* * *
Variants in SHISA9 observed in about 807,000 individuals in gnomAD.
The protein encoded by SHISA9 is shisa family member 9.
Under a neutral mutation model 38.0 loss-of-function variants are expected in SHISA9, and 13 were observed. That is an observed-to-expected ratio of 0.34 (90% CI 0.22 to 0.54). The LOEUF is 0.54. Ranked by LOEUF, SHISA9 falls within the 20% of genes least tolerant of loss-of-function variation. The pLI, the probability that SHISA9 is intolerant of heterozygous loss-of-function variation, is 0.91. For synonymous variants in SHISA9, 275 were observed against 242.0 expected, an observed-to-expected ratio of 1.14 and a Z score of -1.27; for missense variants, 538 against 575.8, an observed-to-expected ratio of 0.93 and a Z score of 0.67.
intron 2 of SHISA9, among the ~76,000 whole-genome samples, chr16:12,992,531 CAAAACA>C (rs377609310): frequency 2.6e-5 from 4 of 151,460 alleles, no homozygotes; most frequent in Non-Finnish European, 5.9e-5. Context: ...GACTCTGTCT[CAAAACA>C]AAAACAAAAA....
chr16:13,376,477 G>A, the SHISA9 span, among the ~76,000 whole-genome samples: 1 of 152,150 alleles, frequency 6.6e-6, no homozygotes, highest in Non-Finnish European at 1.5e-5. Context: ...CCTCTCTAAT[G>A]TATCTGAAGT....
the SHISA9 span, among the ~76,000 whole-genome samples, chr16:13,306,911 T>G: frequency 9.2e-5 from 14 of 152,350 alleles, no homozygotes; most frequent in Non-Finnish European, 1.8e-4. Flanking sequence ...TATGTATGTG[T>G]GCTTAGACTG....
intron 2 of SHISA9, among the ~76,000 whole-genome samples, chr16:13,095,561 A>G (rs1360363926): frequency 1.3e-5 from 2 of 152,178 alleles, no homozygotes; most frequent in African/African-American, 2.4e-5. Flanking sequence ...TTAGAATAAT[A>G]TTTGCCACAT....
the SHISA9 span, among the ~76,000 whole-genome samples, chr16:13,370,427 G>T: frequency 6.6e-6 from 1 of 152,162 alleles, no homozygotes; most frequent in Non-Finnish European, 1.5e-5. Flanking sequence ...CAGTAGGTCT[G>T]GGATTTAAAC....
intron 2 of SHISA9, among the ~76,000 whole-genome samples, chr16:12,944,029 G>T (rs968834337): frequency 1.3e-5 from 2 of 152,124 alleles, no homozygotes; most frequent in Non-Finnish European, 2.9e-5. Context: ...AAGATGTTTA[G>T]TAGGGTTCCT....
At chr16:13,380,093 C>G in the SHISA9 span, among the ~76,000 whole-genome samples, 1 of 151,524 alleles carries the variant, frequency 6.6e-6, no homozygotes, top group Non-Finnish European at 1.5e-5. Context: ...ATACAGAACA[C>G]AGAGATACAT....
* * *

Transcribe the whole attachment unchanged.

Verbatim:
Variants in SHISA9 observed in about 807,000 individuals in gnomAD.
The protein encoded by SHISA9 is shisa family member 9.
Under a neutral mutation model 38.0 loss-of-function variants are expected in SHISA9, and 13 were observed. That is an observed-to-expected ratio of 0.34 (90% CI 0.22 to 0.54). The LOEUF is 0.54. Ranked by LOEUF, SHISA9 falls within the 20% of genes least tolerant of loss-of-function variation. The pLI, the probability that SHISA9 is intolerant of heterozygous loss-of-function variation, is 0.91. For synonymous variants in SHISA9, 275 were observed against 242.0 expected, an observed-to-expected ratio of 1.14 and a Z score of -1.27; for missense variants, 538 against 575.8, an observed-to-expected ratio of 0.93 and a Z score of 0.67.
intron 2 of SHISA9, among the ~76,000 whole-genome samples, chr16:12,992,531 CAAAACA>C (rs377609310): frequency 2.6e-5 from 4 of 151,460 alleles, no homozygotes; most frequent in Non-Finnish European, 5.9e-5. Context: ...GACTCTGTCT[CAAAACA>C]AAAACAAAAA....
chr16:13,376,477 G>A, the SHISA9 span, among the ~76,000 whole-genome samples: 1 of 152,150 alleles, frequency 6.6e-6, no homozygotes, highest in Non-Finnish European at 1.5e-5. Context: ...CCTCTCTAAT[G>A]TATCTGAAGT....
the SHISA9 span, among the ~76,000 whole-genome samples, chr16:13,306,911 T>G: frequency 9.2e-5 from 14 of 152,350 alleles, no homozygotes; most frequent in Non-Finnish European, 1.8e-4. Flanking sequence ...TATGTATGTG[T>G]GCTTAGACTG....
intron 2 of SHISA9, among the ~76,000 whole-genome samples, chr16:13,095,561 A>G (rs1360363926): frequency 1.3e-5 from 2 of 152,178 alleles, no homozygotes; most frequent in African/African-American, 2.4e-5. Flanking sequence ...TTAGAATAAT[A>G]TTTGCCACAT....
the SHISA9 span, among the ~76,000 whole-genome samples, chr16:13,370,427 G>T: frequency 6.6e-6 from 1 of 152,162 alleles, no homozygotes; most frequent in Non-Finnish European, 1.5e-5. Flanking sequence ...CAGTAGGTCT[G>T]GGATTTAAAC....
intron 2 of SHISA9, among the ~76,000 whole-genome samples, chr16:12,944,029 G>T (rs968834337): frequency 1.3e-5 from 2 of 152,124 alleles, no homozygotes; most frequent in Non-Finnish European, 2.9e-5. Context: ...AAGATGTTTA[G>T]TAGGGTTCCT....
At chr16:13,380,093 C>G in the SHISA9 span, among the ~76,000 whole-genome samples, 1 of 151,524 alleles carries the variant, frequency 6.6e-6, no homozygotes, top group Non-Finnish European at 1.5e-5. Context: ...ATACAGAACA[C>G]AGAGATACAT....